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Route 66 News

On the trail of Ed Ruscha

Students from the University of Oklahoma traveled Route 66 to find the remnants of gas stations portrayed in photographer Ed Ruscha‘s influential 1963 art book, “Twentysix Gasoline Stations,” according to the Kingman (Ariz.) Daily Miner.

The effort is part of Road to Ruscha, a two-week course that offers three college credits and a road trip on Route 66 from Oklahoma City to Los Angeles.

Ruscha lived in Oklahoma City from 1941 to 1956, then moved to Los Angeles to attend Chouinart Art Institute, but frequently drove Route 66 to visit family back home.

“This is part of a project to figure out what gas stations are still there on Route 66,” said Gary Gress, a professor in the school’s Department of Geography and Environmental Sustainability. “We went to each site, whether it was still a gas station or a field, and did investigative research.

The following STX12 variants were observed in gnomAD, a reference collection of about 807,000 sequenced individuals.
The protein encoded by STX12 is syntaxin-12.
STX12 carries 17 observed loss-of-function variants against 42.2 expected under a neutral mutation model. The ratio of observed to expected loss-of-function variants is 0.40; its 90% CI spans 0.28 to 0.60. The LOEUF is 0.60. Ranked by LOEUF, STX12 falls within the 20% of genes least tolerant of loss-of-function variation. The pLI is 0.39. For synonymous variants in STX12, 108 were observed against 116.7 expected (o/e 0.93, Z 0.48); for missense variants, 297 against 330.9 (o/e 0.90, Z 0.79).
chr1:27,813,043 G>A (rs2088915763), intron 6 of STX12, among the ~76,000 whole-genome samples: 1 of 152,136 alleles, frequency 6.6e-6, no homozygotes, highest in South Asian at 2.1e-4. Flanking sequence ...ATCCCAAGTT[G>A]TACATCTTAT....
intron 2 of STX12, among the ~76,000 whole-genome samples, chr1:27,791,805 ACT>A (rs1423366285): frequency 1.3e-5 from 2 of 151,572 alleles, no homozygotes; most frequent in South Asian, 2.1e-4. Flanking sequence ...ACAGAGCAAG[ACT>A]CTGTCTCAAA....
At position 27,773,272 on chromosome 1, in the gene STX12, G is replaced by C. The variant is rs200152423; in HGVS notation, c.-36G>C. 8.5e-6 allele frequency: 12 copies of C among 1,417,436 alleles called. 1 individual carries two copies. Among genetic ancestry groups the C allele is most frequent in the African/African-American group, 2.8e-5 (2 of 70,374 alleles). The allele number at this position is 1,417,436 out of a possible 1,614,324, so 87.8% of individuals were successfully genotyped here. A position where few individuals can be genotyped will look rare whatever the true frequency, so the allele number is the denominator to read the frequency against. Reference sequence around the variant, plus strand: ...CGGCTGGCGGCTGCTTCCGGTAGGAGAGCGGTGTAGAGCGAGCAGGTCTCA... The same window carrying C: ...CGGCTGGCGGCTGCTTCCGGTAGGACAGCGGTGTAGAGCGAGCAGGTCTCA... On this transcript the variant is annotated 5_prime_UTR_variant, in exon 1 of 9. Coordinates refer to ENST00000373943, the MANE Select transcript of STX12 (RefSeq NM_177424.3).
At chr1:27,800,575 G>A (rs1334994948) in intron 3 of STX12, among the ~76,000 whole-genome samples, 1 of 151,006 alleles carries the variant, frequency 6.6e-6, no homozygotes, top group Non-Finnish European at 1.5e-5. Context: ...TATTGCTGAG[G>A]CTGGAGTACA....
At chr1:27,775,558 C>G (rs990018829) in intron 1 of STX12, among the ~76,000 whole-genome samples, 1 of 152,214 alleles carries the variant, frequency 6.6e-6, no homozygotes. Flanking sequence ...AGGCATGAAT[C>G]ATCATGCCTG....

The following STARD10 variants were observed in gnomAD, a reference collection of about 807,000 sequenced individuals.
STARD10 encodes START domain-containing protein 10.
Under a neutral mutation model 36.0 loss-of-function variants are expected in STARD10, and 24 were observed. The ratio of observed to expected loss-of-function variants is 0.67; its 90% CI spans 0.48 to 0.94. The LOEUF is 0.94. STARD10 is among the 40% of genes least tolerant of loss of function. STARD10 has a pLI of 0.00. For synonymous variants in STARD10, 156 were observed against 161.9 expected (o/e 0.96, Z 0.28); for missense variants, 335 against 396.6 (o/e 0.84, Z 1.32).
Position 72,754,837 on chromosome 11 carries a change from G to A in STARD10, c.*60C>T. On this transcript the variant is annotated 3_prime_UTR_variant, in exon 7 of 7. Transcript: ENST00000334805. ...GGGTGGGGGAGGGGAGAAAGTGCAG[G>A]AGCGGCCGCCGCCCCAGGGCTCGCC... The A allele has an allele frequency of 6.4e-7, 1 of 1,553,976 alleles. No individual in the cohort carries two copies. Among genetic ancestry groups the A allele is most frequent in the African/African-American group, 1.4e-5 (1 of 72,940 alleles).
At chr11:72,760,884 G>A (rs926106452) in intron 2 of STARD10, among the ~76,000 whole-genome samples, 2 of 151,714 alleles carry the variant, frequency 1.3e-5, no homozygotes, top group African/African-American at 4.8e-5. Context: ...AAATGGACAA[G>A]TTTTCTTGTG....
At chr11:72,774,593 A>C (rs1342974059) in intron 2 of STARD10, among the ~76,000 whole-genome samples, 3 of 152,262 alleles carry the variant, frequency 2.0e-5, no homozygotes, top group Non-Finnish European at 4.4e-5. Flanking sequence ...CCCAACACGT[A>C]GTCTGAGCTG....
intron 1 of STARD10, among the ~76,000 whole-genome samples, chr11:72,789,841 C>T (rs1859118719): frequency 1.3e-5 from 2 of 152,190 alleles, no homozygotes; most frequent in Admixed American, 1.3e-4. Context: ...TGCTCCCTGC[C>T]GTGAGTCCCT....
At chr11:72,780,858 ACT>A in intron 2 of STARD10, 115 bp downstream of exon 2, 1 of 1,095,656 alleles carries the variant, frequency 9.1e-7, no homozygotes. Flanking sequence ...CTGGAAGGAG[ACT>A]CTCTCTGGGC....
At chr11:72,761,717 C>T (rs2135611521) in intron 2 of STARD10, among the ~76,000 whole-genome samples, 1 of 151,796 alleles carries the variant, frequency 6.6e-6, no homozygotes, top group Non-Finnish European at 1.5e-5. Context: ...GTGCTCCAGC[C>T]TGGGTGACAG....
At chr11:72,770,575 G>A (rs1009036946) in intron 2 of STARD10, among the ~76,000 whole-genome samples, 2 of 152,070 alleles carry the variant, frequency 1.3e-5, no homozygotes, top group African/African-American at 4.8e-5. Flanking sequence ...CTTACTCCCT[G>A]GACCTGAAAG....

“We were detectives looking for clues. We wanted to see how the landscape along Route 66 had changed and get a sense of community. We found Kingman to be one of the strongest, friendliest and most open communities with ties to Route 66.”

The Miner article quotes Route 66 author and authority Jim Hinckley, who assisted the group in trying to find the site of a Flying A gas station in Kingman. The Flying A, which later became a Hobbs Truck Stop, was torn down a few years ago.

The class’ interactive website, Road to Ruscha, can be found here. Many images from Ruscha’s original book can be seen here.

You can buy a copy of the book here, but it’ll cost you. Even later editions of “Twentysix Gasoline Stations” go for hundreds of dollars.

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